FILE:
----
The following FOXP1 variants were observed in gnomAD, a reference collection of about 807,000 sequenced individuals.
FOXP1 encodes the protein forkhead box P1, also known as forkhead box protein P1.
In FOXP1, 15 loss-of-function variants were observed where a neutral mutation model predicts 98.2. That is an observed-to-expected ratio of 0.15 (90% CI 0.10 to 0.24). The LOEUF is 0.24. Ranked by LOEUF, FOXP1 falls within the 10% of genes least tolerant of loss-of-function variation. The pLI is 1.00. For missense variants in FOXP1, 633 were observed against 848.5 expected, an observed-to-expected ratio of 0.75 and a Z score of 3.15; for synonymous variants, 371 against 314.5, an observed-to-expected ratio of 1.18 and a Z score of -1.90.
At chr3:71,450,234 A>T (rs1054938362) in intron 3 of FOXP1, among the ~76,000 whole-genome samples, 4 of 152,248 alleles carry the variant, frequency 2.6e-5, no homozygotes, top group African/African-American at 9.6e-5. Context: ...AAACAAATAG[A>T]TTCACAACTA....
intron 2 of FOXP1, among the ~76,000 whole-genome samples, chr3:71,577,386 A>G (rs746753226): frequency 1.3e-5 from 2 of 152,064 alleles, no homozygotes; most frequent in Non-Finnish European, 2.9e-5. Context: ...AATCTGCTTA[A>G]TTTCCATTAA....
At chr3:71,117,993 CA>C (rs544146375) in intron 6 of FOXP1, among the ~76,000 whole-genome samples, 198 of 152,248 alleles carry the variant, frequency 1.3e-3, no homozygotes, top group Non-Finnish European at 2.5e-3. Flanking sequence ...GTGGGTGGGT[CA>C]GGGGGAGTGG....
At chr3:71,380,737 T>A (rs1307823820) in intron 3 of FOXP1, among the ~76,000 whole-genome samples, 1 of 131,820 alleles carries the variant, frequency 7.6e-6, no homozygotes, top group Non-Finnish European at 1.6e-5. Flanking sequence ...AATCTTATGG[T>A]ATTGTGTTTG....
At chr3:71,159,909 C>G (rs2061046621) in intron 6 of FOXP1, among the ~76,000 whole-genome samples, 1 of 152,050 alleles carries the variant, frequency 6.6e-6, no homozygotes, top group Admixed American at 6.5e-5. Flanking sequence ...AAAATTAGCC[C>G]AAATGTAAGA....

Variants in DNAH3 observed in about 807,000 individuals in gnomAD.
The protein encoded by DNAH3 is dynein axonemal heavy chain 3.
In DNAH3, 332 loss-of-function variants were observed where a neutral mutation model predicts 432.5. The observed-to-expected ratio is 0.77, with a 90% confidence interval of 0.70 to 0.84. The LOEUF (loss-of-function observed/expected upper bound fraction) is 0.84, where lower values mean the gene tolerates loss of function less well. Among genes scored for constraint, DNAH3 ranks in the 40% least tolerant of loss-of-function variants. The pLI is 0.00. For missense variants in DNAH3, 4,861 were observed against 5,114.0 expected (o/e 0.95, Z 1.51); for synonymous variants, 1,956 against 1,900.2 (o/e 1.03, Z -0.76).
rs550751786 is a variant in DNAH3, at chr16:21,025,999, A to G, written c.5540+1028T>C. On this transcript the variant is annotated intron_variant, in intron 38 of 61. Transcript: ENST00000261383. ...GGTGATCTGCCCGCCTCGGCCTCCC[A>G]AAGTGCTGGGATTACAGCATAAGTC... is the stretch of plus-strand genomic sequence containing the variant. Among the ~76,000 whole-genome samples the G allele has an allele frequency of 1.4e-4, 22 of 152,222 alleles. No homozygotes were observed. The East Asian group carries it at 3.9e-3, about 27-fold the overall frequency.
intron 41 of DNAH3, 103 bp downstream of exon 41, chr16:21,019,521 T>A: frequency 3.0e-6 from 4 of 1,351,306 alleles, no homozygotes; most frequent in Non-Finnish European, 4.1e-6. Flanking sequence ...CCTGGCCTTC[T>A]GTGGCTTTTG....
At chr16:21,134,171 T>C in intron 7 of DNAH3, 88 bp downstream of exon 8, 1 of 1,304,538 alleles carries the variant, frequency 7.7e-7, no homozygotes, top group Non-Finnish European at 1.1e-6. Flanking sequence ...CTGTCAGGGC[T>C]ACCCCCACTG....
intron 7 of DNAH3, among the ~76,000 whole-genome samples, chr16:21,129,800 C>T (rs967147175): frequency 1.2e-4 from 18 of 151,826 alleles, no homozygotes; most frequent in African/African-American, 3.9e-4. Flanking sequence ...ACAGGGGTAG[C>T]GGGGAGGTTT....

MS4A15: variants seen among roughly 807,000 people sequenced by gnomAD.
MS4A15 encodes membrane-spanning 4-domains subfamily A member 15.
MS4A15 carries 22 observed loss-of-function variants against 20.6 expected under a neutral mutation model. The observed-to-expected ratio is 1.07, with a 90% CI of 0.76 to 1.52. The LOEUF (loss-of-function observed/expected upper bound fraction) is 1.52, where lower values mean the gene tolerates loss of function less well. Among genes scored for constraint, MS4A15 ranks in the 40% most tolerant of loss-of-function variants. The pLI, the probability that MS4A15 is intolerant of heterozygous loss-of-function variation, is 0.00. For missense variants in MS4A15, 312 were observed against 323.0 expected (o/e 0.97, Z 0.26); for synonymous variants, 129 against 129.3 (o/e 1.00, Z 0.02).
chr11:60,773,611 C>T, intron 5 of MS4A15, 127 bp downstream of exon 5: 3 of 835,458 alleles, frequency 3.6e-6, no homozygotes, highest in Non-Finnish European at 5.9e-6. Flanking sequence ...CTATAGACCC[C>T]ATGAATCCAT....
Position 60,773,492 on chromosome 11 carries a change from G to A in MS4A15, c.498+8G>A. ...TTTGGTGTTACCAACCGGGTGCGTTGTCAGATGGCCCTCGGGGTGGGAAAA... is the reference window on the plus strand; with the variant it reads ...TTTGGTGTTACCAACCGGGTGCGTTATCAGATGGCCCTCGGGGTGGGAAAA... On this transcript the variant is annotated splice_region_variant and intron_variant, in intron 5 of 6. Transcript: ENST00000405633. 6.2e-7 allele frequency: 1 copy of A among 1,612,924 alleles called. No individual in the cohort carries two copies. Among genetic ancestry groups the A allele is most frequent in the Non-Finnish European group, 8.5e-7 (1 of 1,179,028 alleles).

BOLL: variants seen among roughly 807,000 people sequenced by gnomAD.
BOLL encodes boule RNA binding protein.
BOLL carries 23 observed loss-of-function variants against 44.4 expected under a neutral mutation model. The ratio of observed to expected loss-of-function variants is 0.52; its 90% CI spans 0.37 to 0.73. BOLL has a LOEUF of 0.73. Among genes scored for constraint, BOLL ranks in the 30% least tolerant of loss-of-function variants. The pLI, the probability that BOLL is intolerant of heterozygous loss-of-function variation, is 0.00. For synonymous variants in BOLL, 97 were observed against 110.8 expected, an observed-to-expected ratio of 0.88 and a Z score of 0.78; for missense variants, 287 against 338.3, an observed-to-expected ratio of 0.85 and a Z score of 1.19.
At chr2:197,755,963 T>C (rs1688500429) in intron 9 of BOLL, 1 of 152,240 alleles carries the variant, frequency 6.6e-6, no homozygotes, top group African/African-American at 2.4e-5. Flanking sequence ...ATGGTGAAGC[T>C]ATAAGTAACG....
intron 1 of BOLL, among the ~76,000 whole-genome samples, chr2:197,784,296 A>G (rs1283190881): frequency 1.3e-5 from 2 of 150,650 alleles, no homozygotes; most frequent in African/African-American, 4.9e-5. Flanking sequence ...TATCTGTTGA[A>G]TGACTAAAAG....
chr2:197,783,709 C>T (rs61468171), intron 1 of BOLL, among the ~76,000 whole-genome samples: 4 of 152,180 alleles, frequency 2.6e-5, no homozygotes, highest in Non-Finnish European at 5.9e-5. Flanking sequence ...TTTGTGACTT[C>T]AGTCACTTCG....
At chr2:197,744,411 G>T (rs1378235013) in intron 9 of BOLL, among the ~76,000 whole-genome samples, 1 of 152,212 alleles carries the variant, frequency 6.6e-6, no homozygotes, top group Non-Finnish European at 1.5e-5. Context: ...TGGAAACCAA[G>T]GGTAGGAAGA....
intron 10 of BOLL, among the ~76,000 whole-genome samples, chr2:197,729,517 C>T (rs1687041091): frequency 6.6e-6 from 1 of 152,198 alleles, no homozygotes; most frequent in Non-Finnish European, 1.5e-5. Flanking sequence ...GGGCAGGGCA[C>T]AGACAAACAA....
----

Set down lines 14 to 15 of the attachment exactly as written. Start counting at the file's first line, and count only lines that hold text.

At chr16:21,134,171 T>C in intron 7 of DNAH3, 88 bp downstream of exon 8, 1 of 1,304,538 alleles carries the variant, frequency 7.7e-7, no homozygotes, top group Non-Finnish European at 1.1e-6. Flanking sequence ...CTGTCAGGGC[T>C]ACCCCCACTG....
intron 7 of DNAH3, among the ~76,000 whole-genome samples, chr16:21,129,800 C>T (rs967147175): frequency 1.2e-4 from 18 of 151,826 alleles, no homozygotes; most frequent in African/African-American, 3.9e-4. Flanking sequence ...ACAGGGGTAG[C>T]GGGGAGGTTT....